Anna Lee ’24
Like any typical college student, students at the College of the Holy Cross surround themselves with coursework, takeout boxes, and social events as soon as the semester picks up. But as students turn inward, pushing themselves to meet deadlines and quotas, others in the Holy Cross body are left to pick up the enormous messes that students leave behind.
Holy Cross’s custodians are possibly the most important people on campus, and at the same time, the most underappreciated and disrespected. When students and faculty rarely see the faces that keep facilities clean and their offices mess-free, it becomes easy for many in the Holy Cross community to disrespect these spaces with little regard for who the job falls to.
Possibly the most common example of disregard for Holy Cross facilities among students are the dorms. Notorious for their quickly-made messes and unfriendly surprises in the bathrooms and halls, students can find themselves frustrated and uncomfortable in their environments. But for the few hours a week that it lasts, students are offered a reprieve by custodians who, by completing small tasks like refreshing the toilet paper supply and taking out the trash, relieve much of the stress that comes from a messy environment. But when the mess regenerates itself everyday, custodians are forced to work nonstop. As one puts it, “It can get really overwhelming.”
The grueling demands for Holy Cross custodians are more than what can be observed on the surface level. According to a job listing posted on the Holy Cross website, a typical position requires 40 hours of work per week for all 52 weeks of the year (“Employment Opportunities,” Holy Cross Website). Other demands of the position include lifting 50 to 75 pound objects, shampooing carpets, and using interpersonal skills to direct students and faculty to the right places. And outside of the job, custodians are expected to take classes on cleaning methods and orientations on new chemicals whenever necessary. Many custodians’ shifts also do not conform to the typical nine to five schedule, including hours from 2:30 p.m. to 11:00 p.m. and 2:30 p.m. to 12:00 a.m. Many students and faculty take refuge in the few hours they have left at the end of the day to decompress with their families and friends, but for custodians who work into the early hours of the morning, this is a luxury they cannot afford. Considering the amount of time that custodians sacrifice for the upkeep of the school, and the atrocities that some students leave behind, it’s clear why there are over ten custodian positions currently open on Holy Cross’s application site.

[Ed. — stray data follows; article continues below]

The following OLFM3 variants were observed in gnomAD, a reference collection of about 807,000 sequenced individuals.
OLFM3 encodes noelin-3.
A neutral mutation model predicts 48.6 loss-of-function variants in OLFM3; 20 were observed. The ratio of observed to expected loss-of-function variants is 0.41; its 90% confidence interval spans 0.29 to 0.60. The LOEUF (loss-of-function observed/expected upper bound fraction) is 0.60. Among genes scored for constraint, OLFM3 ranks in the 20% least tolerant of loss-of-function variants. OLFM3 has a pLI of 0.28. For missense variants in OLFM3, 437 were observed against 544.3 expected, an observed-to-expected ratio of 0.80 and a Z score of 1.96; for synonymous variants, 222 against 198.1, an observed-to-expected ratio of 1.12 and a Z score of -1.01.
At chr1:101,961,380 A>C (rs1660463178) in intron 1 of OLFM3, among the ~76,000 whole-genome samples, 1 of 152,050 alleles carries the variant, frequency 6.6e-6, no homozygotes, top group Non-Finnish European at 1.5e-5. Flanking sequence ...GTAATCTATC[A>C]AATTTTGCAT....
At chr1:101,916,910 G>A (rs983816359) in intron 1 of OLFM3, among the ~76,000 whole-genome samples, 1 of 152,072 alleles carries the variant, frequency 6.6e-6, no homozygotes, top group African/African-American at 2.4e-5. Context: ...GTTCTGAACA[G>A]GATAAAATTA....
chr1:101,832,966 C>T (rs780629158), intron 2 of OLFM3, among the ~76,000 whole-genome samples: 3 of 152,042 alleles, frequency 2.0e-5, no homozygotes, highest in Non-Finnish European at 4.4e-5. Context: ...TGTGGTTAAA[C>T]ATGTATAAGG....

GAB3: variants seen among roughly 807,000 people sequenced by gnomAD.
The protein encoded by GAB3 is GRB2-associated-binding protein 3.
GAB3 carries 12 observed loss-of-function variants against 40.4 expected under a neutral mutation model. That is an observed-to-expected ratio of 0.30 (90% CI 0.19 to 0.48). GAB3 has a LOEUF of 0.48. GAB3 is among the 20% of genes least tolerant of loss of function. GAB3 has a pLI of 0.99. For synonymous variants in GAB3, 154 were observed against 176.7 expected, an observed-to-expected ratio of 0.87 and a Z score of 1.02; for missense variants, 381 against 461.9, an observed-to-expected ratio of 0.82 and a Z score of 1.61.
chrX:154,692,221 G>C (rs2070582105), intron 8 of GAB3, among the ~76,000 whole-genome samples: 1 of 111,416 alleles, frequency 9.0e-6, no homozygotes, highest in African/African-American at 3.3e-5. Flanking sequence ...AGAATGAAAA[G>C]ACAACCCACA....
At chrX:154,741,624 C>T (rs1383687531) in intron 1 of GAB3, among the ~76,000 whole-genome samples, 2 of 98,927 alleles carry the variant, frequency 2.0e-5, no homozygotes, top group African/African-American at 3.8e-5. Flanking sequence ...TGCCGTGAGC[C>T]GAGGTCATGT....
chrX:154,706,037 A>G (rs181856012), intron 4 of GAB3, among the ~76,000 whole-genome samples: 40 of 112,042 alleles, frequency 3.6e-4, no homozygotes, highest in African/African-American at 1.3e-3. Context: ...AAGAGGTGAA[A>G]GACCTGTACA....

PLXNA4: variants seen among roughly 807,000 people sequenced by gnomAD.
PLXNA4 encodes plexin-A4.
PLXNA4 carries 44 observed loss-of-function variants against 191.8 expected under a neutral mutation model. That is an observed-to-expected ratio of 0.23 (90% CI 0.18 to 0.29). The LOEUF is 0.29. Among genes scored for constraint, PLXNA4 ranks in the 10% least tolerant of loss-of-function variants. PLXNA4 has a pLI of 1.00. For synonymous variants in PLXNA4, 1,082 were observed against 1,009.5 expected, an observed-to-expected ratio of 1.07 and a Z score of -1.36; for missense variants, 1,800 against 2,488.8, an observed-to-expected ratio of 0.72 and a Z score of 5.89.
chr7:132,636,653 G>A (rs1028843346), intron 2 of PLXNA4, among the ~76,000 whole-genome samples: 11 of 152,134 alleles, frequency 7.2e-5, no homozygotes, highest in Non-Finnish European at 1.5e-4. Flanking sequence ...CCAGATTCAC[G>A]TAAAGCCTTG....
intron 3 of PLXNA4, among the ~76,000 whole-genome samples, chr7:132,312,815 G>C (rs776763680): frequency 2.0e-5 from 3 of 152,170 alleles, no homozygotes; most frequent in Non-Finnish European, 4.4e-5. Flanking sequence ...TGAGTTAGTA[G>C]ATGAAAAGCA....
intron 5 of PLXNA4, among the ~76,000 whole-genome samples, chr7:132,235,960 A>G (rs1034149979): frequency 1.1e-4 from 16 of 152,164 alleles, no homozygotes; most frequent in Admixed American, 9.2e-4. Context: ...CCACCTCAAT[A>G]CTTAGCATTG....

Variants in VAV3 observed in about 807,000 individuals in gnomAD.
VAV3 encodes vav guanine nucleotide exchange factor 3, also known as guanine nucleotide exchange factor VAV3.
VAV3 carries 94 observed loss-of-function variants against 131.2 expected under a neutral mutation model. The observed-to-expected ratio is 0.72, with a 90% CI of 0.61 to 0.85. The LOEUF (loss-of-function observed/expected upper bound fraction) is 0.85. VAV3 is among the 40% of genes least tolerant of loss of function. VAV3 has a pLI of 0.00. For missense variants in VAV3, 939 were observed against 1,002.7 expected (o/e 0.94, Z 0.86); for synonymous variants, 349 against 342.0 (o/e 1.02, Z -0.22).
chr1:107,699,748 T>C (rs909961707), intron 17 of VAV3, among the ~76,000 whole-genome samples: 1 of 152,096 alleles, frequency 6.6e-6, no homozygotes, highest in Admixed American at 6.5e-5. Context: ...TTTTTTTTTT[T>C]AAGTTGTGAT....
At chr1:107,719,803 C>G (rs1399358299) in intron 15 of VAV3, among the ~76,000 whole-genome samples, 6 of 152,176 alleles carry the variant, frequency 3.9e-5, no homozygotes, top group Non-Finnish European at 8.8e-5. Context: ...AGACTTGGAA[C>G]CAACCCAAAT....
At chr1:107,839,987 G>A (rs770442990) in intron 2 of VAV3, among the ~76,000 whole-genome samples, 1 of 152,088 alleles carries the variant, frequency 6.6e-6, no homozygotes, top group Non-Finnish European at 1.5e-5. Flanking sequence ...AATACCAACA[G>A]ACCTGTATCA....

The underappreciation of manual labor jobs like custodians, dining service workers, and landscapers might be rooted in the environment that many Holy Cross students come from. According to a survey from the New York Times in January 2017, a Holy Cross student’s family has a median income of $170,700, with about 71 percent of all students coming from the top twentieth income percentile (“College of the Holy Cross”). Apart from empirical evidence, it’s a well-known fact that Holy Cross students have legacies at the College going back generations. This accumulation of generational wealth, prestige, and security means that most of these students have never worked physically or emotionally demanding jobs in cleaning, customer service, or a combination of both. What results from this lack of experience is, likewise, a lack of empathy, and little thought for who these messes fall to when students neglect to pick up after themselves.
At the same time, a privileged background is not an excuse for failing to realize the hardships of a custodian position at Holy Cross. To a certain point, young adults of any background should know that assuming responsibility for a mess they’ve made is an integral part of character. They should also know that although a custodian’s job is to maintain and promote cleanliness in facilities, adding onto those responsibilities out of neglect or laziness is poor judgement. In addition, neglecting responsibility for personal messes violates the values that Holy Cross tries to instill in its students. For example, the Jesuit principle that Holy Cross students and alumni hold themselves to, being a “man or woman for and with others,” does not manifest itself in how students treat custodians. It is not so much a mutual relationship like the principle suggests, but a one-sided service that is never fully appreciated by the receiving end.
With these issues in mind, there is a plethora of changes Holy Cross students can make to improve Holy Cross custodians’ experiences. At a bare minimum, thanking custodians for the work they do and proceeding to stop neglectful actions is a good start. This means not leaving trash on the floor but putting it in the bin, cleaning spilled drinks from the floor instead of waiting for someone else to do it, and treating shared spaces as though they are exactly that—shared.
Another basic improvement students can take is by treating custodians as more than employees of the College. For example, addressing custodians as students would a peer or faculty would a colleague may make a stark difference in their day. Too often, students equate custodians to a uniform. Making connections with the custodians and then sustaining those connections is one way to revive the principle of being a “man or woman for and with others.” From these initial changes, students should challenge themselves to go further when thinking about how they can help make an experience on the Hill better for everyone involved—for students, professors, workers, and especially custodians.
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